1. Tilly*

        Has LW tried googling the email address, and searching Facebook, etc, to see if any accounts associated with that email address?

  11. awesome3*

    Thanks for the update OP, I’m glad you went to IT. Your supervisor sounds hard to work with and I hope one day we get another update from you with something to celebrate. Take care!

  12. Keymaster of Gozer (she/her)*

    I could be wrong, but here’s how my IT professional self translates that ‘strange..’ comment:

    IT is hinting that you might need to keep a close eye on things for a while, and also dropping the hint that they’ll be watching her a lot closer too. If I’d had that kind of thing happen under my watch I’d be watching her account/drives/email for any dodgy business in future. In my experience when someone gets caught doing one thing a bit dodgy there’s often weirder stuff to be found…

    1. anonymous73*

      Yep. This raises big red flags. And when people wonder if their browsing history is being tracked when they do non-work things at work, this is the type of situation that would cause IT to look into what else she’s been up to at work.

      1. Keymaster of Gozer (she/her)*

        If I were a betting person, I’d put money on her trying to be more ‘clever’ next time and getting caught by IT for tryin to get around the firewalls/using VPNs/trying to spoof their IP address etc.

        However, I am an exceptionally paranoid person. It’s sometimes great that handling IT security is something my schizophrenia can contribute TO! :)

        1. DJ*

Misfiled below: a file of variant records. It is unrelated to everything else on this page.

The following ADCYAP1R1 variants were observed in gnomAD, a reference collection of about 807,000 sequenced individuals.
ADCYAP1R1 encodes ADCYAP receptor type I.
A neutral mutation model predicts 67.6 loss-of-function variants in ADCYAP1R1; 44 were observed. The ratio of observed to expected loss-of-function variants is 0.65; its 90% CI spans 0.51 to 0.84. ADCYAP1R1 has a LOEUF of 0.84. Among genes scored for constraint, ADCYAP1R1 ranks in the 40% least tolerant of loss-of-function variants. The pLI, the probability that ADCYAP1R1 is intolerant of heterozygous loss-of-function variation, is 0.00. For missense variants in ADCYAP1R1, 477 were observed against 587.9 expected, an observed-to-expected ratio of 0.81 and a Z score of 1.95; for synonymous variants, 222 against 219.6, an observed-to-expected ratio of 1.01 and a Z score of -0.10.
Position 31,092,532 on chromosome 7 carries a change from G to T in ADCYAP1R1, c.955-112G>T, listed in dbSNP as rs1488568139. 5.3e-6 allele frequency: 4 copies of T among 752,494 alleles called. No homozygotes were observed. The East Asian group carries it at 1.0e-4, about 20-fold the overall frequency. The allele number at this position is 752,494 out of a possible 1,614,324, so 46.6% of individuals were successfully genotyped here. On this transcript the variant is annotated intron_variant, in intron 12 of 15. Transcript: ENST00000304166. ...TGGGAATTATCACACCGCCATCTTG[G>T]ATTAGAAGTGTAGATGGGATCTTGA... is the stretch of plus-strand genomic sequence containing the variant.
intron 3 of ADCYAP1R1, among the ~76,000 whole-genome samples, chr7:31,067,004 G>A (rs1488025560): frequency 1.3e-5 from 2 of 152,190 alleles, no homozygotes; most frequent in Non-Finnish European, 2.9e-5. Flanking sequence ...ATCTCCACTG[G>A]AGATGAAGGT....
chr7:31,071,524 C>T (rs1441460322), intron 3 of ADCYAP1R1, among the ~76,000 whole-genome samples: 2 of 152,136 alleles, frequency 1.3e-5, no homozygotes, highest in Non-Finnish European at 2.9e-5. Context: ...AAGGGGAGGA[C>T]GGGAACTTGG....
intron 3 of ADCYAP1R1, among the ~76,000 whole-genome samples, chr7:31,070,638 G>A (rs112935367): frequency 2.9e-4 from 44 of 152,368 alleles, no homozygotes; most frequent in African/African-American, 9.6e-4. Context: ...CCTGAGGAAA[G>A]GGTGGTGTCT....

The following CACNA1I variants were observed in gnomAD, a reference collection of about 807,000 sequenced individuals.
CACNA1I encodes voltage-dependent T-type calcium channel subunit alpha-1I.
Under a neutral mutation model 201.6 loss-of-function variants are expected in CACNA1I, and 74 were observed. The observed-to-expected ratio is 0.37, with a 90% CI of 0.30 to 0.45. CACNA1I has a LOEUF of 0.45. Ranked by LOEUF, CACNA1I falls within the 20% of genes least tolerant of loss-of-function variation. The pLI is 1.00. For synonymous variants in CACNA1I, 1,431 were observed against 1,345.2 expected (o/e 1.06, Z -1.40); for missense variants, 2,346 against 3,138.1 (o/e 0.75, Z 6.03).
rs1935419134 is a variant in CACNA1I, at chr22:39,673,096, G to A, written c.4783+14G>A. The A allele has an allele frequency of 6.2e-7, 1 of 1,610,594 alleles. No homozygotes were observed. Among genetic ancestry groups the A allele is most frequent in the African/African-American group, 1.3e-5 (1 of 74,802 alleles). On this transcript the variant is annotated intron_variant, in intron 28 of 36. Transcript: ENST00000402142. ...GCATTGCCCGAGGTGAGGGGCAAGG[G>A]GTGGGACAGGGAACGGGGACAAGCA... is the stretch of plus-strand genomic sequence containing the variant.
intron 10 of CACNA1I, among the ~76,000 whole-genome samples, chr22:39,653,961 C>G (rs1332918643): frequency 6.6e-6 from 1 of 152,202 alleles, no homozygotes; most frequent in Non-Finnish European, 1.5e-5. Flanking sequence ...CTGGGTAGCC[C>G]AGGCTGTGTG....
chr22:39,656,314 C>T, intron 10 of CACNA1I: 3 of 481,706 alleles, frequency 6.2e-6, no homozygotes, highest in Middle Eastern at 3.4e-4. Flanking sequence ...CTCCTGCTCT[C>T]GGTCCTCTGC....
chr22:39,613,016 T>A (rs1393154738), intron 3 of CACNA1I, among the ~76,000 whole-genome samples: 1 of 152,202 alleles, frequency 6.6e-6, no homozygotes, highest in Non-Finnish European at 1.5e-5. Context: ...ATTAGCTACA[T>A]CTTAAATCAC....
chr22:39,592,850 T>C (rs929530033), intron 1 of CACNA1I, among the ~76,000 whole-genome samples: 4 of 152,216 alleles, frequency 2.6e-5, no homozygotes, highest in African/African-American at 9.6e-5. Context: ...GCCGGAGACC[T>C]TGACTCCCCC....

Oh, I have so many questions! Like how to you ensure appropriate balance between normal and definitely way over the top paranoia when dealing with your schizophrenia? Are you open about your diagnosis at work?

          Hope I’m not asking anything too personal!

          1. Keymaster of Gozer (she/her)*

            Happy to answer in detail on weekend open post, don’t want to derail here, but simple synopsis: a LOT of psychological help, some fairly strong medications and some time spent in hospital.

            I’m not open about it IRL to anyone but my husband and a very close friend. Too many instances of people finding out and backing away from me like I’m a danger to them to be any more open than that.

    2. Eldritch Office Worker*

      I was hoping you’d weigh in. Do you think IT went through the emails on the fake account to make sure there was nothing blatantly illegal/harmful to OP going on?

      1. Keymaster of Gozer (she/her)*

        I’d certainly bet on them having scanned through the email activity on the account (we only go to reading every email if there’s a really good reason – it takes hours) and seeing if there were any suspicious activity. For a first offence though it’d likely be a quick view.

        Does depend on how much work IT have on at the moment. If they’re busy they’ve likely just put a watch on the person’ computer.

      2. Mimi*

        Also in IT, and if this came across my desk, I would absolutely see what had been sent to that account if I had a way to do it that didn’t involve locking the supervisor out of her account, both to make sure there wasn’t anything fishy going on and because I was just dreadfully curious. (And, honestly, if the only way I had to do it involved locking the supervisor out of her account, I might well ask my boss for permission to do that.)

    3. Cthulhu's Librarian*

      So very, very true.